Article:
Moreau Honors Program courses are limited to 20 students, ensuring that each is taught in a seminar style that invites discussion. Faculty encourage honors students to become engaged in the course material through ongoing dialogue and presentations.
Honors students will complete a minimum of 5 honors courses plus the Honors Leadership Seminar and a Senior Honors Experience:
- Minimum of 2 honors core courses in the fall of the first year (chosen from honors sections of Critical Encounters history, literature, philosophy or religious studies courses).
- Three (3) additional honors courses. One (1) and only one of those courses can be non-honors for Honors Program credit. Non-Honors Course Conversion Form.
- Senior Honors Experience, composed of a Senior Capstone in the major. In addition, HON400 to be taken the spring.
*Education students: Your honors capstone has to be in your liberal arts/science major. You cannot do your Honors Capstone in your education major. Stonehill Capstone Form(.pdf)
- The Moreau Honors Leadership Seminar (HON100), which honors students take in their second semester.
- Honors classes cannot be taken as Pass/Fail.
- Honors students must have a 3.5 cumulative GPA and a 3.4 in honors courses to graduate with an honors designation.
- The honors grade point average (GPA) is determined prior to graduation, using only the four highest honors grades prior to the Capstone, dropping the lowest grade (of the fifth course). The Senior Capstone (the Senior Honors Experience) is counted as the final course to determine the overall GPA.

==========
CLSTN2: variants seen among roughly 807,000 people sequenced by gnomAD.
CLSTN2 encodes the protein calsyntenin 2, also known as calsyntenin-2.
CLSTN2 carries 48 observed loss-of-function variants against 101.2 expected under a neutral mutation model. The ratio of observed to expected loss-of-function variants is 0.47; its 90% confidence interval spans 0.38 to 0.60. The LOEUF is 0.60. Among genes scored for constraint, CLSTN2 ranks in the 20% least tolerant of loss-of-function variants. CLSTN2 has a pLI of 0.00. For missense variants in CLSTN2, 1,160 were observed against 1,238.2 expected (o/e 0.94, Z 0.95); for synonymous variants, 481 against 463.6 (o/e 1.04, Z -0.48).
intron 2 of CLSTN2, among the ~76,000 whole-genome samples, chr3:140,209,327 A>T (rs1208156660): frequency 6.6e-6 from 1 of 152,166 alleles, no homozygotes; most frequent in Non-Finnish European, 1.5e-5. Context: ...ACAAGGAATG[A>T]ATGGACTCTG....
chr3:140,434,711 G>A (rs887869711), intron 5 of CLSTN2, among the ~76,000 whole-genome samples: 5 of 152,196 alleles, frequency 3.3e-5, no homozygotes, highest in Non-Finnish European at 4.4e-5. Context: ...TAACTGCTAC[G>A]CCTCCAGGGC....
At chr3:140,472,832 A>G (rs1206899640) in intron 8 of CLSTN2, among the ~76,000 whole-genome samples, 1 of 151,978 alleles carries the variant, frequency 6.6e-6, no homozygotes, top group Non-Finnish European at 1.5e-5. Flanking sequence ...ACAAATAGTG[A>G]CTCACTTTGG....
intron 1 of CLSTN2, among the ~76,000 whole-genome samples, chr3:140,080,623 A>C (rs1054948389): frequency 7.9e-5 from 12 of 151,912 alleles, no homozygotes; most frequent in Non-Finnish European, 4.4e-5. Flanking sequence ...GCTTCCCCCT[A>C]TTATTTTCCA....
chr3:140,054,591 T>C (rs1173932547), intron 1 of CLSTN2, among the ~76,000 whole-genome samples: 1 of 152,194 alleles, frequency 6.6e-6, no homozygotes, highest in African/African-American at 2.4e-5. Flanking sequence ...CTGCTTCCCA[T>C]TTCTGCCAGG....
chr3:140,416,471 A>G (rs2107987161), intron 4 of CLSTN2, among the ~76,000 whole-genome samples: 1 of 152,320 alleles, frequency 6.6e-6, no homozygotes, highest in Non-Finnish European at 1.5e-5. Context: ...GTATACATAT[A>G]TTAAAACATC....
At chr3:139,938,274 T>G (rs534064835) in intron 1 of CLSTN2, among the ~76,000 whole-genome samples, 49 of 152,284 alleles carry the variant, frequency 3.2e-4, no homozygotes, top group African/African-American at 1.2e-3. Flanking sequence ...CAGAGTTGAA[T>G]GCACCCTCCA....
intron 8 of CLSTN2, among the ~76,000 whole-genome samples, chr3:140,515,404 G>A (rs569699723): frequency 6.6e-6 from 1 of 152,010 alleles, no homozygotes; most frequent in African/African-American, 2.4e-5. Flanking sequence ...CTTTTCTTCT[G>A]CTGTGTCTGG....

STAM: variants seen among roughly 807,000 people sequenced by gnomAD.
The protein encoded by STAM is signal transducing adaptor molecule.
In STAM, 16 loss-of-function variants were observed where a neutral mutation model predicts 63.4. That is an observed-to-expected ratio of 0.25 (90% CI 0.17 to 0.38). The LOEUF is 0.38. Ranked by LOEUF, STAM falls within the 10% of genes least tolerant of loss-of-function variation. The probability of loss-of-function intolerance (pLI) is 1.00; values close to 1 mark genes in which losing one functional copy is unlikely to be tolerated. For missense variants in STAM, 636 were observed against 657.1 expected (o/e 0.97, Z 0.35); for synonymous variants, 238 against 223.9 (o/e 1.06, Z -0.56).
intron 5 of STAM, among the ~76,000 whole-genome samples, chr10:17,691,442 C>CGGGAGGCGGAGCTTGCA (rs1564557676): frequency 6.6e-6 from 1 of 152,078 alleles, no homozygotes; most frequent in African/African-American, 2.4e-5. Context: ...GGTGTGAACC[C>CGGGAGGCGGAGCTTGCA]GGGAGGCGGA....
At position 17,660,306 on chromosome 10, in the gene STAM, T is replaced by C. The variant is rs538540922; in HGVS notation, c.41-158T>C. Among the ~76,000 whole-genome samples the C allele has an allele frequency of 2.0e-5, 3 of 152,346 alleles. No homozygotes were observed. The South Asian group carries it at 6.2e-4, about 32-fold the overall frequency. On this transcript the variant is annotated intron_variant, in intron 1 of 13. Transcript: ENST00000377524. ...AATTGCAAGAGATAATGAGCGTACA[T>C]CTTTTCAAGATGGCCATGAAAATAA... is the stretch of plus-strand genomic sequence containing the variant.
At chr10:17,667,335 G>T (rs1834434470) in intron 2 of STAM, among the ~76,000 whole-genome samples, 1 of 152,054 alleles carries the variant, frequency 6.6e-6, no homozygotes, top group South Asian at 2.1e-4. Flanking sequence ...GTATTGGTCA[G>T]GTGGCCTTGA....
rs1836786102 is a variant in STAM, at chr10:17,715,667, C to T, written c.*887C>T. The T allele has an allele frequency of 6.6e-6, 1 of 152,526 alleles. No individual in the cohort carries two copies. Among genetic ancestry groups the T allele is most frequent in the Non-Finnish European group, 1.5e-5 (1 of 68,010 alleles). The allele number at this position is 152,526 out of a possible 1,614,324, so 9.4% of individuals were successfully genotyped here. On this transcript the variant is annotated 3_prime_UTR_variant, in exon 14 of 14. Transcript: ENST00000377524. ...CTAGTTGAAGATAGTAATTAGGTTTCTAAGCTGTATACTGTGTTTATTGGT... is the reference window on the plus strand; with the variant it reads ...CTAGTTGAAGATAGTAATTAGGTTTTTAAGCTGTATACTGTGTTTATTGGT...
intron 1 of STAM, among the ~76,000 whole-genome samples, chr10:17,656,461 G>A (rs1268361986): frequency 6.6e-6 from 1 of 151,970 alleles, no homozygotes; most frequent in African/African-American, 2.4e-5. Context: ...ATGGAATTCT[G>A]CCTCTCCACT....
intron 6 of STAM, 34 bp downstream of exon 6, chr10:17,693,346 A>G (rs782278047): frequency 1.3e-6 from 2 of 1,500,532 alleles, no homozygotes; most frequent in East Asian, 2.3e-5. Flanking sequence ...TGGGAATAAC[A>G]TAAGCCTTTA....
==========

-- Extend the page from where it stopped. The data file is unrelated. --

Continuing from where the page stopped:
The Moreau Honors Leadership Seminar (HON100)
Given Stonehill's purpose to educate "the whole person so that each Stonehill graduate thinks, acts, and leads with courage toward creating a more just and compassionate world," this requirement is designed to assist in the development of leadership skills and to encourage Honors Scholars to contribute to the intellectual, cultural, and ethical life of the college.
Honors students participate in the Honors Leadership Seminar through a series of four dinners (one in the fall and three in the spring) with administrators, faculty, and visiting scholars. Students are also required to take initiatives to effect positive changes in the community with an awareness of the global impact of their actions. Past projects have included volunteer work, HOPE trips, inviting speakers to the college, organizing faculty lectures, planning events to support charities, and raising awareness about environmental and other issues.